“Feel” is your ability to judge how your ball will come off of your club face and out of the rough as it flies towards the green. It also includes how far you feel it will carry through the air and how far it will roll or quickly stop on the green.
Combined, these factors equate into a chip that has the right touch on it to land on the green and nestle up next to the hole for an easy tap in putt. You’ll also get the occasional chip in which is a wonderful feeling when it occurs out of the blue.
Chipping Feel Tip #1: Take practice swings before hitting your chip shot.
Every golf round will be different in terms of grass type or length of grass. You can golf one day and the grass will be long and thick yet coming back just a day later the grass could be trimmed shorter.
We recommend taking practice swings through the grass near your ball to get a feel for how it will snag on your club face. If it’s thick rough you’ll need to consider opening up the face to pop the ball out of the rough softly with spin because you’ll need a more aggressive swing speed to get the club through the thicker rough. Otherwise your ball may come out screaming and streak across the green to the other side’s fringe and rough if you don’t adjust to the thicker grass.
Thin grass gives you the option of a bump and run or a carry and stop chip. Since it won’t snag your club as much, you can get away with using a lower lofted wedge such as a sand wedge or pitching wedge as the ball will come out of thin grass soft and not need a fast swing attack speed.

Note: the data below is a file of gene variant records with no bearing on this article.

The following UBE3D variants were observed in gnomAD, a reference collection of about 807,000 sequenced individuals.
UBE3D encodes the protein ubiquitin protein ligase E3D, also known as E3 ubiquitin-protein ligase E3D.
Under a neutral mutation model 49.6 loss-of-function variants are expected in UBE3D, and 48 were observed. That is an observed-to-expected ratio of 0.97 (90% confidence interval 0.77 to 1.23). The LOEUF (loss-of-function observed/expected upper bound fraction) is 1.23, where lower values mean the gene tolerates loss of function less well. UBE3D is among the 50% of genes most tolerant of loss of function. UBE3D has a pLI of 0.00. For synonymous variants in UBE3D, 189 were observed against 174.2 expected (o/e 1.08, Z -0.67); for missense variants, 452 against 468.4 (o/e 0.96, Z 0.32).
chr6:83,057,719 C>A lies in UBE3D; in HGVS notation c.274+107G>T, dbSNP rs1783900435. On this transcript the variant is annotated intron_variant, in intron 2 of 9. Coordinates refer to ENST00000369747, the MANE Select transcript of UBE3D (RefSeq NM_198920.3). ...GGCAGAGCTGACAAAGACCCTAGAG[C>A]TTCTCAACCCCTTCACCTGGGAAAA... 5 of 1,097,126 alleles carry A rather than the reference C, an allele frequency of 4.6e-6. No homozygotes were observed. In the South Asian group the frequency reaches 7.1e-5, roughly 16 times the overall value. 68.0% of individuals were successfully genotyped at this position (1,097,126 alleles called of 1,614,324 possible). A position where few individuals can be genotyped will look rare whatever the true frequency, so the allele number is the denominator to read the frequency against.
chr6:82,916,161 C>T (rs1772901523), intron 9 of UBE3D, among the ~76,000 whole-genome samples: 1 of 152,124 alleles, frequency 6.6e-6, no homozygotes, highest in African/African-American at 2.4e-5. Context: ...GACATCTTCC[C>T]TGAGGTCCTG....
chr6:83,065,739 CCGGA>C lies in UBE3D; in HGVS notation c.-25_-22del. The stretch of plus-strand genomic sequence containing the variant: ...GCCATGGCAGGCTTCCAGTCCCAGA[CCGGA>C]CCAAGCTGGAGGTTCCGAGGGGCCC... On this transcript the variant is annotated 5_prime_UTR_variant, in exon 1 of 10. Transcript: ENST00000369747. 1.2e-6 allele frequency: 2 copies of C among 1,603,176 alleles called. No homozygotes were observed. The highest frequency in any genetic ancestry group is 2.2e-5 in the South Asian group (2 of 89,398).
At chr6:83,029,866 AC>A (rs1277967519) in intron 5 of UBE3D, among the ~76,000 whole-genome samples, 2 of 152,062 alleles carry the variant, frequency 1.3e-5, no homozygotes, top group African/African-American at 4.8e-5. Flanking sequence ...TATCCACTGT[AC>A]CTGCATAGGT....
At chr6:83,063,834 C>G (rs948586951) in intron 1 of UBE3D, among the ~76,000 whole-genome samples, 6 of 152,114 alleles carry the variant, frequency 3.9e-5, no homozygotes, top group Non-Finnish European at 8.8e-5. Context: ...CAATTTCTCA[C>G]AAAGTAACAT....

Practicing swings each day around the greens before chipping will get you accustomed to the different thicknesses and lengths of grasses so that you can pull from their experiences in the future.
Chipping Feel Tip #2: Practice with different wedges
Using the same wedge all the time will get you really good with that wedge no doubt, but it also limits you in tough situations when you need to hit a certain type of chip in order to get near the hole still.
For example, if you have thick rough that your balls sitting down in and you have little green to work with, as the flag is close to the fringe by you, then you’ll need to hit a soft shot with high spin that can stop quickly upon landing.
If you’re only comfortable hitting a 50 degree wedge that has little carry and lots of roll then you’ll struggle to keep the ball from rolling far away from the hole once it lands on the green. This is where having experience with other clubs such as a 58 or 60 degree wedge can benefit you.
- Grab a pitching wedge (48 degrees usually), sand wedge (54 degrees) and a higher lofted wedge such as 56, 58, 60, or even 62 degrees.
- Rotate between these 3 wedges hitting chips to the same hole on the practice green getting a feel for how each hits out of the rough, their carry, and their roll. The 60 degree wedge will obviously be used to work on trying flop shots which is a shot we really like for those clutch situations you need to get an up and down.
- Overall, perform 100s of reps with each wedge if you want to build skill.
If you spend over 50% of your practice time on short game you’ll see your scores improve as long as you are spending that time performing quality reps. Some PGA Tour pro’s actually spend 75-80% of their time on short game practice and Dustin Johnson spends 80% of his time on just his wedges! Copy that (: